Raising awareness remains a key priority for NASS and is embedded within our 5-year strategy. If you ever want to do your own bit locally to raise awareness you can contact us for a press release and we'll help you to tell your story.
Take care all, Debbie x
Good news and a busy week....(15 September 2015)
I want to get back to letting you know what I'm up to in this blog but first I can't miss the opportunity to tell you how thrilled I am about the recent NICE announcement. NASS campaigned really hard to achieve this outcome for patients and we are over the moon with the improved options this new guidance offers patients. I'd go as far to say that this NICE news is the best thing I've been a part of achieving in the 4.5 years at NASS and I've been thrilled to see the response of our supporters on our Facebook page.
So, what I am up to this week on your behalf? Well, this week is a busy one. I will leave home on Wednesday morning and I won't get back until Saturday night.
Wednesday and Thursday this week will see me attending an annual spondyloarthritis event in Birmingham. I've been lucky enough to be asked to speak at the event every year since I was appointed and on Wednesday it will be a privilege to address a room full of rheumatologists, physiotherapists, nurses, researchers, all with a special interest in apondyloarthritis. It's a great opportunity for me to talk about the new initiatives that NASS is leading and ensure that our information is reaching their patients.
On Thursday night I'll be attending a National Voices even in London to discuss the healthcare system, learn about good practice and network with other organisations.
I get to spend some time in the NASS office on Friday morning, meeting the team to talk about next year's exciting plans and then opening a Trustee induction event for our four new trustees. I'll be heading off to Bath in the afternoon to talk AS with MP for Bath, Ben Howlett.
Saturday morning is a full NASS Council of Management meeting in Bath where I'll be talking to our trustees about our strategic plan, GP education and our 40th birthday celebrations next year amongst many other things.
Phew, I'm exhausted just talking about it. But, it's really important that you know what I'm up to - it's your charity after all.
Take care all. Best wishes, Debbie
Another first for NASS - You said, we listened and we did.... (1 September 2015)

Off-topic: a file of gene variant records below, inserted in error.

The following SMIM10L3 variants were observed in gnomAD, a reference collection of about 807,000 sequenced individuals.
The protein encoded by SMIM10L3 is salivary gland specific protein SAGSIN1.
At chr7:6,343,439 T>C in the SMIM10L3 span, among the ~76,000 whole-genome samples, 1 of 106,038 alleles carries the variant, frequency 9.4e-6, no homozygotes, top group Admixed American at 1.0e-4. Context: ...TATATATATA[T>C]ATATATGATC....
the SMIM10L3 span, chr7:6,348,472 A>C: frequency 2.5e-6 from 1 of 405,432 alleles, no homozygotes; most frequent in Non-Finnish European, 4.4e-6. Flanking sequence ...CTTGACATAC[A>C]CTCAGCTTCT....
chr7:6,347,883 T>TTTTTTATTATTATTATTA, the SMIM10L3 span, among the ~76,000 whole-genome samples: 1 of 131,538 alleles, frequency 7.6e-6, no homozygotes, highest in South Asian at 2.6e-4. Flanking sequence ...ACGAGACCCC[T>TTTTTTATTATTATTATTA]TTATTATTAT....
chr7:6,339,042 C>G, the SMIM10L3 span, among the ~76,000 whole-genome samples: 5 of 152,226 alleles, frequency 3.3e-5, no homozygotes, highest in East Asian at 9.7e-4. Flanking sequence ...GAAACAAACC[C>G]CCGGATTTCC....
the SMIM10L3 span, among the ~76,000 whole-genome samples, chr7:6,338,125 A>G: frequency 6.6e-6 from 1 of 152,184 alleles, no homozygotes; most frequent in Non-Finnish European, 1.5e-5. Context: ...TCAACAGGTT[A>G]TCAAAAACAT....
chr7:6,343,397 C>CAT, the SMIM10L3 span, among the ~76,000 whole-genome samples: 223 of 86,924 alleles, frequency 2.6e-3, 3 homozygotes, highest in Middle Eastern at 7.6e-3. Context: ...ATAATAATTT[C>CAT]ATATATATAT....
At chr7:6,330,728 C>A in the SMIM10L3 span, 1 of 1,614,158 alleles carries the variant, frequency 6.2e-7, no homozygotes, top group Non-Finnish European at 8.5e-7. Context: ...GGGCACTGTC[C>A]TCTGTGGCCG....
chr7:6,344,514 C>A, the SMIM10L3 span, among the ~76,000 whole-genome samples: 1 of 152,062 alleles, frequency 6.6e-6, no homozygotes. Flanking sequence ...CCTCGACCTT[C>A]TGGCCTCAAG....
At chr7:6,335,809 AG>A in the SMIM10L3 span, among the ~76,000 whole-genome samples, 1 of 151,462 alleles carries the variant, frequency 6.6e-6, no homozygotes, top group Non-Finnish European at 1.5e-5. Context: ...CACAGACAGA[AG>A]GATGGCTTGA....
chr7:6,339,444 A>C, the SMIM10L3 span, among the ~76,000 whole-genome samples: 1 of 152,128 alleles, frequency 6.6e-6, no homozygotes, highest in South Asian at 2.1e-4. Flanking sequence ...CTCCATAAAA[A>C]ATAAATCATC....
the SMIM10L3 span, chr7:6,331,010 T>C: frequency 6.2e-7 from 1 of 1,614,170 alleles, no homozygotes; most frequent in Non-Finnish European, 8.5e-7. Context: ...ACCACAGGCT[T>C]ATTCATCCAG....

I'm writing this on my way to Edinburgh. It's 1 September and marks the start of a really busy month for NASS. Today we are holding our first ever Scottish Patient Conference. This conference is an event that our Scottish members have been asking for, for a while and something I promised we would deliver if we could secure the funding. We have, and it's today. We've got some great speakers lined up and a packed event. I'm really looking forward to meeting so many there.
We're also holding an event in the Scottish Parliament tonight. Diagnosis times are still too long, hydrotherapy in Scotland is under threat and Scottish Members of Parliament need to know what it's like to live with ankylosing spondylitis (axial Spondyloarthritis (AS). MEPs need to know the landscape for patients AS_it_is.
At the weekend we've got our Jurassic Trek event on the Dorset coast. Thanks to everyone taking part, including two NASS Trustees Grant and Ben, all raising much-needed funds so that we can continue our work.
Next week I'll be in Manchester for a 2-day NICE Guideline Development Group; you'll recall we campaigned for Clinical Guidelines in 2013; we are hoping that these Guidelines once produced by NICE will lead to earlier diagnosis and improved care for people with AS.
I'll fill you in on our other September activities another time. Bye for now.
Take care all, Debbie
It's time that we valued hydrotherapy more - #splash4hydro (24 August 2015)
Many of you will have experienced the benefits of hydrotherapy both in terms of managing your condition or indeed as intense therapy during a flare up. At NASS we hear all the time how much hydro helps you and indeed people with many other conditions and disabilities. So why does it feel like hydrotherapy is so vulnerable within our healthcare system?
When I joined NASS, the Grimsby branch had just lost their hydro pool. Since then we've lobbied hard aiming to prevent further closures, with mixed results. Currently, we are extremely concerned about plans to close hydrotherapy pools in Lothian, Scotland.
This just doesn't make any sense to me! Research into the benefits of hydrotherapy show that it is more effective than land based exercise and I know from what you've told me that hyrdotherapy works for you. There's no doubt in my mind that those who access regular hydro and physiotherapy will not be presenting so frequently in both primary and secondary care clinics for further costly intervention. Such therapy is very likely to be saving money in the long term, be keeping people active, likely remaining in work. Every week, hundreds of people access such therapy at our NASS branches, taking responsibility, self managing their condition, making much use of this vital provision.
worked in local government for 22 years before I became CEO at NASS.
During that time I saw some great services closed or ceased only for them to be
reinstated several years later because the decision had proven short sighted.
Let's not make the same mistake with hydrotherapy pools. Whilst they may be
costly to run, inevitably they are likely saving money on the health budget and
keeping people active and contributing to the economy.
Join our Twitter campaign #splash4hydro and keep the benefits of hydrotherapy in the spotlight - thank you.
Take care all